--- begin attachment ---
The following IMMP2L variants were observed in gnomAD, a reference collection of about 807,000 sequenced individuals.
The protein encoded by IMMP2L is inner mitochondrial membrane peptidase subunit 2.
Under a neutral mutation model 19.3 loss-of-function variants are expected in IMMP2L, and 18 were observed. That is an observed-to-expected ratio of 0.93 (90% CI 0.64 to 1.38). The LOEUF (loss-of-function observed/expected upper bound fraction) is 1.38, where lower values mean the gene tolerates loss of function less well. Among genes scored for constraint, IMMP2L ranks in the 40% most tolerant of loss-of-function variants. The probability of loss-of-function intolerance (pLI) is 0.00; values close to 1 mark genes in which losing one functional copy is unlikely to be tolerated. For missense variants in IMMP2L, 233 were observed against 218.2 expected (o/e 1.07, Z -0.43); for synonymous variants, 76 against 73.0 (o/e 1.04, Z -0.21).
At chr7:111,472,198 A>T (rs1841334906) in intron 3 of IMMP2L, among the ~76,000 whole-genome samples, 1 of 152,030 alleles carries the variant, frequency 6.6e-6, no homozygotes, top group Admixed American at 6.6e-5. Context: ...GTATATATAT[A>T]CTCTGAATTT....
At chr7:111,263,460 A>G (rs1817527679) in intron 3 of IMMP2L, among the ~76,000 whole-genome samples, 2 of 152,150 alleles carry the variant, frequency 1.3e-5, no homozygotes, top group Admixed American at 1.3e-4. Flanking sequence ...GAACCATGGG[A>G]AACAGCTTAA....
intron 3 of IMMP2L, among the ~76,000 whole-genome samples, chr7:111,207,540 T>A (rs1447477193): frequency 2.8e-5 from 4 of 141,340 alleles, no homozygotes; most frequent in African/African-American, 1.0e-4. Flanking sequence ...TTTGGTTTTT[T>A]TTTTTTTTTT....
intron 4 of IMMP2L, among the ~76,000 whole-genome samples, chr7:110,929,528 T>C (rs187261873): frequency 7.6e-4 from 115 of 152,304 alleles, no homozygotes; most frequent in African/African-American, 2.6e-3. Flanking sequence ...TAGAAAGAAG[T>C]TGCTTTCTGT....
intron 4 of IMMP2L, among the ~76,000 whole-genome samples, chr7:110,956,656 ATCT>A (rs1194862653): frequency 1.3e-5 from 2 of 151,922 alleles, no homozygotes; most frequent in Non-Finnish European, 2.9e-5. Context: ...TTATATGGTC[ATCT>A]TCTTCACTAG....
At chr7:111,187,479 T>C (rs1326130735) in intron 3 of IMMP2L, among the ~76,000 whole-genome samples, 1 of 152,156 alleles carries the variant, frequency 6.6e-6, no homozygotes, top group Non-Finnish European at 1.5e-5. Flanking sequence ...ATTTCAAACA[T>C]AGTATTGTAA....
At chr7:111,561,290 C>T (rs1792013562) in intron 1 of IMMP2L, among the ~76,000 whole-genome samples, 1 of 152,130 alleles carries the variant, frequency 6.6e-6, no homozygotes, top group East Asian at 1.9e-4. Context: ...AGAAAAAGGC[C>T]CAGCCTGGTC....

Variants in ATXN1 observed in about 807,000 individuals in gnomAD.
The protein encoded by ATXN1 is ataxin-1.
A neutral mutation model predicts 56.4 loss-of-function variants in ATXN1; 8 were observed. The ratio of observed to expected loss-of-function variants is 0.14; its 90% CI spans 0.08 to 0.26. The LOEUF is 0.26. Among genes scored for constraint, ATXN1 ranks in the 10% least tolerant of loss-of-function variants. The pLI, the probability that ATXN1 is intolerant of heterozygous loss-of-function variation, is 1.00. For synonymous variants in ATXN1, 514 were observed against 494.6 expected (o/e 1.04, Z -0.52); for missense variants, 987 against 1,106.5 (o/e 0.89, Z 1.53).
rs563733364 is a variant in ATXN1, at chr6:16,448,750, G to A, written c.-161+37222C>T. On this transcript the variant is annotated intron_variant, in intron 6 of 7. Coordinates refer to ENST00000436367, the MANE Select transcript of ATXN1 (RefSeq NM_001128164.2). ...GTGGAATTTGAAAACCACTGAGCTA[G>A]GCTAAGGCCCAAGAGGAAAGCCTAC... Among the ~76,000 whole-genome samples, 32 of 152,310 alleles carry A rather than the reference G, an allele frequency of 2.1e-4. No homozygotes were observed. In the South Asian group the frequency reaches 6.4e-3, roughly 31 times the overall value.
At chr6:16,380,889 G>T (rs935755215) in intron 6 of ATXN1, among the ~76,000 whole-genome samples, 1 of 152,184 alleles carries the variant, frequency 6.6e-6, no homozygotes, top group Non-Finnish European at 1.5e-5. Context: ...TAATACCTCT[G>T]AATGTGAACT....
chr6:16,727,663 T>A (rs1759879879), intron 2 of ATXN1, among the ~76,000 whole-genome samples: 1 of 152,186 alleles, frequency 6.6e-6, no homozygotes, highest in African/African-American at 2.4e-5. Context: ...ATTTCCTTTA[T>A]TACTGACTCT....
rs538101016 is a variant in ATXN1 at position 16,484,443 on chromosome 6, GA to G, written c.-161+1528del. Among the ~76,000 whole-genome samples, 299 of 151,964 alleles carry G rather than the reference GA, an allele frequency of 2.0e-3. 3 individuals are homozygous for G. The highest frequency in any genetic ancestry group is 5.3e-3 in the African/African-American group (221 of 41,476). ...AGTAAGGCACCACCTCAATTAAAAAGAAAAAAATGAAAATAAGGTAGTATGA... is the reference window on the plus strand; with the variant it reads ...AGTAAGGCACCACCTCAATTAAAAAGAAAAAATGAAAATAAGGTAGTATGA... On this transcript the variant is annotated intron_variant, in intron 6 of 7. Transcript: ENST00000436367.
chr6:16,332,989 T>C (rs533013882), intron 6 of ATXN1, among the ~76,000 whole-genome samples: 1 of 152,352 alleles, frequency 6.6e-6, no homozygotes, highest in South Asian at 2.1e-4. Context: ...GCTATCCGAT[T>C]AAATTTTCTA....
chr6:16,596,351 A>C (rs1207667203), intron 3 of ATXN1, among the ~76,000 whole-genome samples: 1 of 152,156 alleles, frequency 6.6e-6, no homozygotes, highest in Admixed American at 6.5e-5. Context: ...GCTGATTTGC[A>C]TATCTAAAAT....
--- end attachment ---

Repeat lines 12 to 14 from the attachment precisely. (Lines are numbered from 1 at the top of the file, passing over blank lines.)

The protein encoded by ATXN1 is ataxin-1.
A neutral mutation model predicts 56.4 loss-of-function variants in ATXN1; 8 were observed. The ratio of observed to expected loss-of-function variants is 0.14; its 90% CI spans 0.08 to 0.26. The LOEUF is 0.26. Among genes scored for constraint, ATXN1 ranks in the 10% least tolerant of loss-of-function variants. The pLI, the probability that ATXN1 is intolerant of heterozygous loss-of-function variation, is 1.00. For synonymous variants in ATXN1, 514 were observed against 494.6 expected (o/e 1.04, Z -0.52); for missense variants, 987 against 1,106.5 (o/e 0.89, Z 1.53).
rs563733364 is a variant in ATXN1, at chr6:16,448,750, G to A, written c.-161+37222C>T. On this transcript the variant is annotated intron_variant, in intron 6 of 7. Coordinates refer to ENST00000436367, the MANE Select transcript of ATXN1 (RefSeq NM_001128164.2). ...GTGGAATTTGAAAACCACTGAGCTA[G>A]GCTAAGGCCCAAGAGGAAAGCCTAC... Among the ~76,000 whole-genome samples, 32 of 152,310 alleles carry A rather than the reference G, an allele frequency of 2.1e-4. No homozygotes were observed. In the South Asian group the frequency reaches 6.4e-3, roughly 31 times the overall value.